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The Social Media Relationship Bell Curve

By April 2, 2010 8 Comments

It’s Friday, so naturally I want to share a theory that I’ve been kicking around upstairs for the past week: The Social Media Relationship Bell Curve.

A majoritiy of time needs to be spent building relationships in social media


Let’s say that we have a new product launch in six months and we want to “leverage social media” to get the word out. The Social Media Relationship Bell Curve illustrates the two sets of time within such a scenario, while showing where and for how long time needs to be spent.

project timeline If we have six months to product launch, then the X axis represents zero to six months in one week chunks

budgeted time Can not exceed the number of dedicated to social media labor hours within the project timeline

Three Phases

Within the hypothetical six month period prior to product launch, the Social Media Relationship Bell Curve shows that we will have to perform three tasks:

mapping The idea of mapping out the network of blogs for a specific vertical and keyword. With automated tools, this should take up very little budgeted and project timeline time.

relationship building The majority of time “leveraging social media” should be spent finding commonalities with influencers within verticals of interest, to establish real relationships with them.

pitching Toward the end of the project timeline, when the product is nearing completion, the fruits of the relationship building shall attempt to be harvested with an ask to all relationships to help spread product awareness far and wide within the targeted vertical(s).


  • Peter Kim says:

    Makes sense – next step is maintaining/managing the new relationships. New curve?

  • Tim Hayden says:

    I agree with Peter that a sustaining/nurturing “curve” may be in order for those new and discovered relationships along the way. As well, I'm still a big believer in a widespread outbound effort through social channels (not carpet bomb-mass advertising) that pulls would-be influencers from the bottom and sides of your known influencer network (again, “new and discovered” relationships are out there).

  • nickhuhn says:

    Nice approach, Hallicious. I'm with Pete and Tim… I really think that this graph, like relationship building in real life, is not linear. Maybe it should be a reinforcing circular motion like an upward spiral alternating between all three elements you defined… Good food for thought man; thanks for sharing.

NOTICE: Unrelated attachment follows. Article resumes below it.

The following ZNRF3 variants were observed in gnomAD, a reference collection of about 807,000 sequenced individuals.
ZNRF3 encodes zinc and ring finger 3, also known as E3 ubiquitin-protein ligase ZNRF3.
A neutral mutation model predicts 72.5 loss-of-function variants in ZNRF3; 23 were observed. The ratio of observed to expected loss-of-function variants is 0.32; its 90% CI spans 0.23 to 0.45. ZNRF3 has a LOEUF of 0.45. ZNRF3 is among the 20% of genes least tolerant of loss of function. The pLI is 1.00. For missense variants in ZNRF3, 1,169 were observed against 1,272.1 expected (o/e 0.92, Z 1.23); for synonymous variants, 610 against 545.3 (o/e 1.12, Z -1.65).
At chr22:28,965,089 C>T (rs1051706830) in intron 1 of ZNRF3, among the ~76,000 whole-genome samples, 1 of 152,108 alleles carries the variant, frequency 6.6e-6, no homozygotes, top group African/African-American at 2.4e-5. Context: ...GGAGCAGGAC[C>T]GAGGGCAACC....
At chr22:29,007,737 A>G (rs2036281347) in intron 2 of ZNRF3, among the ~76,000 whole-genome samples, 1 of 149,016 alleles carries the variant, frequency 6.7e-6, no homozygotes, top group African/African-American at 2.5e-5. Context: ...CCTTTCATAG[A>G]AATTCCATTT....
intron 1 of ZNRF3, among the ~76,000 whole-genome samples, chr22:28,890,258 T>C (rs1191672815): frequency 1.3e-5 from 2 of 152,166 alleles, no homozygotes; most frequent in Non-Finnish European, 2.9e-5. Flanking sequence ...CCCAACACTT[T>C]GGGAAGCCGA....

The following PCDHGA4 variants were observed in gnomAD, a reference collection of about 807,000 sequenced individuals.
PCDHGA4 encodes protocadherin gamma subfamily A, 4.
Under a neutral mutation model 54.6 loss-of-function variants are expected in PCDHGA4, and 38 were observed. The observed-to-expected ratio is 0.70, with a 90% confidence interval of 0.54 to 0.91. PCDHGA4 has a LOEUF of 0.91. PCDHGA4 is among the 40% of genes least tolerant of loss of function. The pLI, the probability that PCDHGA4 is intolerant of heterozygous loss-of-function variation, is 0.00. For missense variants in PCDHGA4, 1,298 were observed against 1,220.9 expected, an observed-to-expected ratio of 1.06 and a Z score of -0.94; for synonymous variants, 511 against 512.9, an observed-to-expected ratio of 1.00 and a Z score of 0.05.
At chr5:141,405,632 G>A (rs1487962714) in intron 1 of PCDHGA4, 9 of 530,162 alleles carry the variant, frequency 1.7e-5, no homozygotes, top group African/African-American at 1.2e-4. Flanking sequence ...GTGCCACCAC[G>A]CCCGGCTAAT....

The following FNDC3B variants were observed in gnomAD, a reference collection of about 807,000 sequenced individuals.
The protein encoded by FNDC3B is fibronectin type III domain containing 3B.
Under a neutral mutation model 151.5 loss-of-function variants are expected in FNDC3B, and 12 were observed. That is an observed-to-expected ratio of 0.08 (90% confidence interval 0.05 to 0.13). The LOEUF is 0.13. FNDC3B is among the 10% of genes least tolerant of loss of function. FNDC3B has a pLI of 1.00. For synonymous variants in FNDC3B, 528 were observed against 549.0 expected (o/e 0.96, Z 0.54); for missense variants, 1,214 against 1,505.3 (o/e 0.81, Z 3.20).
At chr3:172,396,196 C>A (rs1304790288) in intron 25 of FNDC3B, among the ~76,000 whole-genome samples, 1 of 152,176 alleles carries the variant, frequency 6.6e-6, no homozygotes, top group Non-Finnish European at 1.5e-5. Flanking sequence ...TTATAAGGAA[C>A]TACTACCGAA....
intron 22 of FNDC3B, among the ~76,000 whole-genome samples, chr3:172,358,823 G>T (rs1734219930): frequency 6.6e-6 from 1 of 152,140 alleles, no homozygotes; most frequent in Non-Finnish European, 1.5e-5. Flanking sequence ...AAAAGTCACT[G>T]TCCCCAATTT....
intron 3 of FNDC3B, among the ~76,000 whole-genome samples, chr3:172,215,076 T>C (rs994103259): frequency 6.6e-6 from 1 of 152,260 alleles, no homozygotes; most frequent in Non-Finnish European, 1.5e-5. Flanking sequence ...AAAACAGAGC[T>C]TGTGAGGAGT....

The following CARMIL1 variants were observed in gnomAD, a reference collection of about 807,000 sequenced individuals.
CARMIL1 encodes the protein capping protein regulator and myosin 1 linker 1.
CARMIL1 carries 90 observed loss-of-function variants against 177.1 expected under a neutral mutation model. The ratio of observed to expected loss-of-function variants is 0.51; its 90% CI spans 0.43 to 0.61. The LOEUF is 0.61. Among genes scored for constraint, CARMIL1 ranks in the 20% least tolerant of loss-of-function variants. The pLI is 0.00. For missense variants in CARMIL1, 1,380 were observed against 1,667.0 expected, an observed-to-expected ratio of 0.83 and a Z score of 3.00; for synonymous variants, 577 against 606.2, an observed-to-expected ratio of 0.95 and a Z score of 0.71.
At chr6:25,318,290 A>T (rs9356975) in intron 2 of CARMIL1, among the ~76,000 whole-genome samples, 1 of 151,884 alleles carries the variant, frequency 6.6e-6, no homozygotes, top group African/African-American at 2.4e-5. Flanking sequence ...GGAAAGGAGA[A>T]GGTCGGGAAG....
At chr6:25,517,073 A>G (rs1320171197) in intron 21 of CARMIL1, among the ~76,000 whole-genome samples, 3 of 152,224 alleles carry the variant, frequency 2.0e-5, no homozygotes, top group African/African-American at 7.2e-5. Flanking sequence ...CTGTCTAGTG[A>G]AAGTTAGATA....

• Hallicious says:

    My first thought would be a power curve because 80% of the “hard work” is front loaded in A. trying to find like minded people, B. trying to get their attention and C. trying to find other interest points in common so that the relationship doesn't just revolve around talking shop.

    Once A, B and C are done, then it's a matter of maintenance over time and social tools, like Twitter lists and Blog readers, make that process somewhat easy/automated… symbolized by the curve's rapid approach toward zero effort. 😉

  • Hallicious says:

    Totally agree, Tim. I really like the contrast between getting in front of 100,000 people with a 1% conversion rate vs. getting in front of 1,000 people with a 100% conversion rate.

    There is a lot of waste in the former and more effort required for the latter, so I guess it just comes down to how companies want to spend their money.

  • Hallicious says:

    The project manager in me made this curve as a depiction of how social media relates to a product launch. I get asked to define what I do a lot, go figure, so in that context I think that the bell curve works to illustrate the disparity in time associated with “leveraging social media” throughout the timeline of a new product launch. (sidenote: everyone I talk to wants to “leverage social media” and I find that expression to be funny, thus the sarcasm/quotes)

    But I think that you're all right on about the relationship building aspect of the curve needing it's own visual, because as you said building relationships is not linear.

    Thanks Nick. 🙂

  • Just musing here … I think that this makes really good sense in the context of A launch of A product … but Peter's comment makes me wonder what the bell curve looks like over a SERIES of products, each with launches and updates … I am envisioning a series of overlapping but ever-larger curves, reflecting the fact that you're going to be (hypothetically) growing your network of relationships each time. There's something important here for businesses to understand – think you're on to something, but that it needs to be expanded a little. Good stuff!

  • nickhuhn says:

    Dude I can empathize with the “leverage social media” chicanery more than you can imagine – have you followed my career these last few years? 😉 I use the _iceberg_ simile a lot: the stuff you see above the waterline is often supported by 90% or so of the total effort below the surface. A normal distribution can be appropriate in that case too, though I think the real trick is the iterative, self-reinforcing activities that keep the iceberg afloat.

    In short, I firmly believe that the LOE required to build or reinforce relationships is an order of magnitude higher than the effort it takes to pitch or map. The fun part is convincing others of that. Keep at it 🙂